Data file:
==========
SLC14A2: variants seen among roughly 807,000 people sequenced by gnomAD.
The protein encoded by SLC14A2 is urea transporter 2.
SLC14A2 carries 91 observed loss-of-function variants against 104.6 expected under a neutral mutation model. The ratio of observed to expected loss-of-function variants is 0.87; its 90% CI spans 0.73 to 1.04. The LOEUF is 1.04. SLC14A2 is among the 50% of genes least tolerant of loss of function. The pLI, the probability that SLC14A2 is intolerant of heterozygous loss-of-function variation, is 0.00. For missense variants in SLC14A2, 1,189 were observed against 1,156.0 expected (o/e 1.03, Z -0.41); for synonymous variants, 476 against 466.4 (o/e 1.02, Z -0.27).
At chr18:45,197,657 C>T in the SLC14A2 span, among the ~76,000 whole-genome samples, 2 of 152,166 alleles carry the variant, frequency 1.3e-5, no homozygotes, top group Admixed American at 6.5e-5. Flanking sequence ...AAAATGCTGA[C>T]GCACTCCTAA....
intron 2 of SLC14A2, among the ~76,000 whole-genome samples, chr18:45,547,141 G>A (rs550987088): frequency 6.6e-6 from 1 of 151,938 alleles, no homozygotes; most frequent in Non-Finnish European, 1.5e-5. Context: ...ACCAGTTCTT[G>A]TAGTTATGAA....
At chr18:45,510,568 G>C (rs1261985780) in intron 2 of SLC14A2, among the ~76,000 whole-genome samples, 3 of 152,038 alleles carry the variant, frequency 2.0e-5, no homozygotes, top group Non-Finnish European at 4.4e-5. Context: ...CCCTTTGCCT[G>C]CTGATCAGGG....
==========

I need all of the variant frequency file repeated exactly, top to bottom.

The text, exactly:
SLC14A2: variants seen among roughly 807,000 people sequenced by gnomAD.
The protein encoded by SLC14A2 is urea transporter 2.
SLC14A2 carries 91 observed loss-of-function variants against 104.6 expected under a neutral mutation model. The ratio of observed to expected loss-of-function variants is 0.87; its 90% CI spans 0.73 to 1.04. The LOEUF is 1.04. SLC14A2 is among the 50% of genes least tolerant of loss of function. The pLI, the probability that SLC14A2 is intolerant of heterozygous loss-of-function variation, is 0.00. For missense variants in SLC14A2, 1,189 were observed against 1,156.0 expected (o/e 1.03, Z -0.41); for synonymous variants, 476 against 466.4 (o/e 1.02, Z -0.27).
At chr18:45,197,657 C>T in the SLC14A2 span, among the ~76,000 whole-genome samples, 2 of 152,166 alleles carry the variant, frequency 1.3e-5, no homozygotes, top group Admixed American at 6.5e-5. Flanking sequence ...AAAATGCTGA[C>T]GCACTCCTAA....
intron 2 of SLC14A2, among the ~76,000 whole-genome samples, chr18:45,547,141 G>A (rs550987088): frequency 6.6e-6 from 1 of 151,938 alleles, no homozygotes; most frequent in Non-Finnish European, 1.5e-5. Context: ...ACCAGTTCTT[G>A]TAGTTATGAA....
At chr18:45,510,568 G>C (rs1261985780) in intron 2 of SLC14A2, among the ~76,000 whole-genome samples, 3 of 152,038 alleles carry the variant, frequency 2.0e-5, no homozygotes, top group Non-Finnish European at 4.4e-5. Context: ...CCCTTTGCCT[G>C]CTGATCAGGG....